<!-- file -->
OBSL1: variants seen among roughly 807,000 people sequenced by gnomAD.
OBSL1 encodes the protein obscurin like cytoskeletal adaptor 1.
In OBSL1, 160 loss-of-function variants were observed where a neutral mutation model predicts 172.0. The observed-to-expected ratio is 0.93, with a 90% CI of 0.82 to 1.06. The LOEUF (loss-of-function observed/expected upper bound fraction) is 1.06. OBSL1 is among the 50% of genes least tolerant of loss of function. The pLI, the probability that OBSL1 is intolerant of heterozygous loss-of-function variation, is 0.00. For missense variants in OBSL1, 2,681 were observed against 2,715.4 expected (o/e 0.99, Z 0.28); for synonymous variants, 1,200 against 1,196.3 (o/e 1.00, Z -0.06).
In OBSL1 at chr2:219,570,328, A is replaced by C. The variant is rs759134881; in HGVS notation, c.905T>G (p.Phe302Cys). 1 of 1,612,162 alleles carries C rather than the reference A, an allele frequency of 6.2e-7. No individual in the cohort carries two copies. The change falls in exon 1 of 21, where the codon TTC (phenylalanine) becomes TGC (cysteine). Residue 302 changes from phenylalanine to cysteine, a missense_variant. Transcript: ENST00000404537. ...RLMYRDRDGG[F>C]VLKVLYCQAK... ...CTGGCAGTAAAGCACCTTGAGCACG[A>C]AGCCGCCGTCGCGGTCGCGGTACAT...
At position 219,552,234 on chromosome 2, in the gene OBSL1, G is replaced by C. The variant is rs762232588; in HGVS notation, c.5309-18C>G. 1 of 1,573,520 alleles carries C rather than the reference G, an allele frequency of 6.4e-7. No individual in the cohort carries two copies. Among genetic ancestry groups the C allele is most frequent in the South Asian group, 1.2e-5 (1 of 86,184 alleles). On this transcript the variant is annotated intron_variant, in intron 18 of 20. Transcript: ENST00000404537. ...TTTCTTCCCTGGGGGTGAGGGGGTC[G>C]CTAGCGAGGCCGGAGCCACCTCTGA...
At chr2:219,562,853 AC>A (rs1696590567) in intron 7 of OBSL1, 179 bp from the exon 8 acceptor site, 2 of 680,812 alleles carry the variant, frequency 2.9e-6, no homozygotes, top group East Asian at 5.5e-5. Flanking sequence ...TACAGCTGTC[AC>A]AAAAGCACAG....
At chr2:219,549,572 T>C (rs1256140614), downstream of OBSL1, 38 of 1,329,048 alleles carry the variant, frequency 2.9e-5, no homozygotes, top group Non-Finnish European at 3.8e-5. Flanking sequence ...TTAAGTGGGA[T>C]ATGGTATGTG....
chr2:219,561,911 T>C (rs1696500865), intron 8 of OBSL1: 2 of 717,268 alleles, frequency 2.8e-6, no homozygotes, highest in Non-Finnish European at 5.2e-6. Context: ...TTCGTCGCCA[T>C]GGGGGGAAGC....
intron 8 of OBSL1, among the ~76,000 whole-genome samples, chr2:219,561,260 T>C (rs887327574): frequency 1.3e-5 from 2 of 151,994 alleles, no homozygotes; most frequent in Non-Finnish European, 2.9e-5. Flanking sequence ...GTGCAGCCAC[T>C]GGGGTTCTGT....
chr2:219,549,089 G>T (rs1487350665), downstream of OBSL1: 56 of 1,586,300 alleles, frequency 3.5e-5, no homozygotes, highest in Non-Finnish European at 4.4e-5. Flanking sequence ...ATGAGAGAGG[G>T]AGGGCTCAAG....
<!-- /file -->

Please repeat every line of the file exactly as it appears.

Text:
OBSL1: variants seen among roughly 807,000 people sequenced by gnomAD.
OBSL1 encodes the protein obscurin like cytoskeletal adaptor 1.
In OBSL1, 160 loss-of-function variants were observed where a neutral mutation model predicts 172.0. The observed-to-expected ratio is 0.93, with a 90% CI of 0.82 to 1.06. The LOEUF (loss-of-function observed/expected upper bound fraction) is 1.06. OBSL1 is among the 50% of genes least tolerant of loss of function. The pLI, the probability that OBSL1 is intolerant of heterozygous loss-of-function variation, is 0.00. For missense variants in OBSL1, 2,681 were observed against 2,715.4 expected (o/e 0.99, Z 0.28); for synonymous variants, 1,200 against 1,196.3 (o/e 1.00, Z -0.06).
In OBSL1 at chr2:219,570,328, A is replaced by C. The variant is rs759134881; in HGVS notation, c.905T>G (p.Phe302Cys). 1 of 1,612,162 alleles carries C rather than the reference A, an allele frequency of 6.2e-7. No individual in the cohort carries two copies. The change falls in exon 1 of 21, where the codon TTC (phenylalanine) becomes TGC (cysteine). Residue 302 changes from phenylalanine to cysteine, a missense_variant. Transcript: ENST00000404537. ...RLMYRDRDGG[F>C]VLKVLYCQAK... ...CTGGCAGTAAAGCACCTTGAGCACG[A>C]AGCCGCCGTCGCGGTCGCGGTACAT...
At position 219,552,234 on chromosome 2, in the gene OBSL1, G is replaced by C. The variant is rs762232588; in HGVS notation, c.5309-18C>G. 1 of 1,573,520 alleles carries C rather than the reference G, an allele frequency of 6.4e-7. No individual in the cohort carries two copies. Among genetic ancestry groups the C allele is most frequent in the South Asian group, 1.2e-5 (1 of 86,184 alleles). On this transcript the variant is annotated intron_variant, in intron 18 of 20. Transcript: ENST00000404537. ...TTTCTTCCCTGGGGGTGAGGGGGTC[G>C]CTAGCGAGGCCGGAGCCACCTCTGA...
At chr2:219,562,853 AC>A (rs1696590567) in intron 7 of OBSL1, 179 bp from the exon 8 acceptor site, 2 of 680,812 alleles carry the variant, frequency 2.9e-6, no homozygotes, top group East Asian at 5.5e-5. Flanking sequence ...TACAGCTGTC[AC>A]AAAAGCACAG....
At chr2:219,549,572 T>C (rs1256140614), downstream of OBSL1, 38 of 1,329,048 alleles carry the variant, frequency 2.9e-5, no homozygotes, top group Non-Finnish European at 3.8e-5. Flanking sequence ...TTAAGTGGGA[T>C]ATGGTATGTG....
chr2:219,561,911 T>C (rs1696500865), intron 8 of OBSL1: 2 of 717,268 alleles, frequency 2.8e-6, no homozygotes, highest in Non-Finnish European at 5.2e-6. Context: ...TTCGTCGCCA[T>C]GGGGGGAAGC....
intron 8 of OBSL1, among the ~76,000 whole-genome samples, chr2:219,561,260 T>C (rs887327574): frequency 1.3e-5 from 2 of 151,994 alleles, no homozygotes; most frequent in Non-Finnish European, 2.9e-5. Flanking sequence ...GTGCAGCCAC[T>C]GGGGTTCTGT....
chr2:219,549,089 G>T (rs1487350665), downstream of OBSL1: 56 of 1,586,300 alleles, frequency 3.5e-5, no homozygotes, highest in Non-Finnish European at 4.4e-5. Flanking sequence ...ATGAGAGAGG[G>T]AGGGCTCAAG....